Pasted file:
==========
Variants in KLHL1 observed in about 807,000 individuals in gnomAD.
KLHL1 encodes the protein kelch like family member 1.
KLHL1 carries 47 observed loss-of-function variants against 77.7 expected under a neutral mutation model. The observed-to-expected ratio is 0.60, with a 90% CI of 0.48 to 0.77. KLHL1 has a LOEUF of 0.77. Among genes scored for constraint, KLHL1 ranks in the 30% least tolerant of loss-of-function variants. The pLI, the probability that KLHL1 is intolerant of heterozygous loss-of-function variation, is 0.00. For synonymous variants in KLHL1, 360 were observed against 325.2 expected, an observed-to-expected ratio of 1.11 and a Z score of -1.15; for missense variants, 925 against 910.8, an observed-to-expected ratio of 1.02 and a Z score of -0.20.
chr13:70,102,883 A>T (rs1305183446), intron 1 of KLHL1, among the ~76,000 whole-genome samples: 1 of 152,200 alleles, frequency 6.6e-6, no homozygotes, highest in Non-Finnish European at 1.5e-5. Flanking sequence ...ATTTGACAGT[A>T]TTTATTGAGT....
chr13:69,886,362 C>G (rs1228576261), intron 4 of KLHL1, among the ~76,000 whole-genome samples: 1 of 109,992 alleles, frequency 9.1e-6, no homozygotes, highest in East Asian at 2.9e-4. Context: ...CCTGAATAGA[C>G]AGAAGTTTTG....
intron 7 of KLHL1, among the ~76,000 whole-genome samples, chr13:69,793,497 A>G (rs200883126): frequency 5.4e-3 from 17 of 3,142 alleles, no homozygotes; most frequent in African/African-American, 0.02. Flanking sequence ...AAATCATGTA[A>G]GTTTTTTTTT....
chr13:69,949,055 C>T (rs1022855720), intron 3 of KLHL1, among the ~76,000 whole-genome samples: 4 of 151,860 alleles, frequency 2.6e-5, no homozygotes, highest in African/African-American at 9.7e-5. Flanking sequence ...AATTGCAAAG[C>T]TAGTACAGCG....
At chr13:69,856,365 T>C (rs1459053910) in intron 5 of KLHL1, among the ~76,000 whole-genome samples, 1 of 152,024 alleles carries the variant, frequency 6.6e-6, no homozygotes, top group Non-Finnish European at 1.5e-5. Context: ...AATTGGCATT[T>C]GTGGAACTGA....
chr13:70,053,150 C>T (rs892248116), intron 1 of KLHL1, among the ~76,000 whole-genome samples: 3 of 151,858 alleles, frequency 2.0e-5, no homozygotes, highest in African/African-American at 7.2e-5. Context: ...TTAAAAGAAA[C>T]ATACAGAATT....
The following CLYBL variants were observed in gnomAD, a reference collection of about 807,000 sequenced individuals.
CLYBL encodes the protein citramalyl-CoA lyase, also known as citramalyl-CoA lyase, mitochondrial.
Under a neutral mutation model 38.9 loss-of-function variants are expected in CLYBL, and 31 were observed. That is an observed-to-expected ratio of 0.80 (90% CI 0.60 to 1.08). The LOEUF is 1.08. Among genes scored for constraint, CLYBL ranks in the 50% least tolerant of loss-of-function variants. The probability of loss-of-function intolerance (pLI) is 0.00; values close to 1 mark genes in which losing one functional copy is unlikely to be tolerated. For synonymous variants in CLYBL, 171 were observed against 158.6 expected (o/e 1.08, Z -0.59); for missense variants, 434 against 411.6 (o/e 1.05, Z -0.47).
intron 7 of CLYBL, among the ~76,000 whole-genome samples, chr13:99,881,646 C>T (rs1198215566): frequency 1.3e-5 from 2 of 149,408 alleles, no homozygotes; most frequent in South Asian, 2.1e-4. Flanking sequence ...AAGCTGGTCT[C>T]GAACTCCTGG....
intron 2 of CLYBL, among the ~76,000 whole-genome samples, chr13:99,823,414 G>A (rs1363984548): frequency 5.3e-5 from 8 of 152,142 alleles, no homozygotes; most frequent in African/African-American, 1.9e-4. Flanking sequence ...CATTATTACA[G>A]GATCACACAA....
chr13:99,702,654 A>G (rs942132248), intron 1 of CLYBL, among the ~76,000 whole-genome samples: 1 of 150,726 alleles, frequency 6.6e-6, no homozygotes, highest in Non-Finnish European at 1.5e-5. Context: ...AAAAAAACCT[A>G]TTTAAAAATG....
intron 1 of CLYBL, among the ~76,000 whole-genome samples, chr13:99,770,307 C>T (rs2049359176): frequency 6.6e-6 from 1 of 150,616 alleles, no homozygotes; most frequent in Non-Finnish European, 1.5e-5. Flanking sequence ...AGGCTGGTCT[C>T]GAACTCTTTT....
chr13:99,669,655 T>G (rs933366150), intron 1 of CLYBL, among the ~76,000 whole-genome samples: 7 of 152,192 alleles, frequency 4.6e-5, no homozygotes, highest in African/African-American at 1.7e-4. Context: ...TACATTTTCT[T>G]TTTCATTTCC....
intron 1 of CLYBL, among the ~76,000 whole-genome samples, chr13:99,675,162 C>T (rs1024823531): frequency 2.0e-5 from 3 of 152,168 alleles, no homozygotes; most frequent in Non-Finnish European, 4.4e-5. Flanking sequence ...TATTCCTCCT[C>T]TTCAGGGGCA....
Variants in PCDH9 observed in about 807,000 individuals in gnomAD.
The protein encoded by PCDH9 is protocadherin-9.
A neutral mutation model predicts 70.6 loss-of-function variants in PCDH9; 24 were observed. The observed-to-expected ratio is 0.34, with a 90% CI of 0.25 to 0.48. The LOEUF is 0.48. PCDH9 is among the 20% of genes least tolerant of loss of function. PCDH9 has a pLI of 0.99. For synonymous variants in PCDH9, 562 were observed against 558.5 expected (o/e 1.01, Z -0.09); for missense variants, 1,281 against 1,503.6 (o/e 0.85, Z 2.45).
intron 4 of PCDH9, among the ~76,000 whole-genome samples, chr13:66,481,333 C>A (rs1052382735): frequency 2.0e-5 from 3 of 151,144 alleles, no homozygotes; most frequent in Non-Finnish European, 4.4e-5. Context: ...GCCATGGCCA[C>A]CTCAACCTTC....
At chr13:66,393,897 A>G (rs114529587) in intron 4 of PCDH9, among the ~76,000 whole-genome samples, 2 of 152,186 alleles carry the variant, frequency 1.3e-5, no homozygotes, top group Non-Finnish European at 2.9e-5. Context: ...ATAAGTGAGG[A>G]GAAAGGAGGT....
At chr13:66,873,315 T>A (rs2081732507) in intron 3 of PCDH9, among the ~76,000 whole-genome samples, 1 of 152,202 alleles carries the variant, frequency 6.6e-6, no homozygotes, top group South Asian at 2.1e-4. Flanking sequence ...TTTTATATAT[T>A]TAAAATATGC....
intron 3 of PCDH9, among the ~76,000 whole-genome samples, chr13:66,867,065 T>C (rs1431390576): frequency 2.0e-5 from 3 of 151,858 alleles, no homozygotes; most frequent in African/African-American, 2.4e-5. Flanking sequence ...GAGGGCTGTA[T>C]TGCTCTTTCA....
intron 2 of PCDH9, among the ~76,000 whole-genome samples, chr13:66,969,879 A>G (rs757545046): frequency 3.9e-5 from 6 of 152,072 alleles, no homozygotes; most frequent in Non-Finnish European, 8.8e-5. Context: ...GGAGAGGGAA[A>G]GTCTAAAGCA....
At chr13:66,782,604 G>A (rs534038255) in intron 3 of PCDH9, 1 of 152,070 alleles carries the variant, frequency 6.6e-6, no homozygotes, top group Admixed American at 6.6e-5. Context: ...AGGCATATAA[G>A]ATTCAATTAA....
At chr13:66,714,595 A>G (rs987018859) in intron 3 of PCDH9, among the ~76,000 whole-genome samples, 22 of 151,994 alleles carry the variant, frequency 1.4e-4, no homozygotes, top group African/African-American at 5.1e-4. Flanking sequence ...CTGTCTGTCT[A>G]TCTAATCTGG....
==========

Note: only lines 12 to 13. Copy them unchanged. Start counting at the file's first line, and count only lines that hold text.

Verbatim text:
Under a neutral mutation model 38.9 loss-of-function variants are expected in CLYBL, and 31 were observed. That is an observed-to-expected ratio of 0.80 (90% CI 0.60 to 1.08). The LOEUF is 1.08. Among genes scored for constraint, CLYBL ranks in the 50% least tolerant of loss-of-function variants. The probability of loss-of-function intolerance (pLI) is 0.00; values close to 1 mark genes in which losing one functional copy is unlikely to be tolerated. For synonymous variants in CLYBL, 171 were observed against 158.6 expected (o/e 1.08, Z -0.59); for missense variants, 434 against 411.6 (o/e 1.05, Z -0.47).
intron 7 of CLYBL, among the ~76,000 whole-genome samples, chr13:99,881,646 C>T (rs1198215566): frequency 1.3e-5 from 2 of 149,408 alleles, no homozygotes; most frequent in South Asian, 2.1e-4. Flanking sequence ...AAGCTGGTCT[C>T]GAACTCCTGG....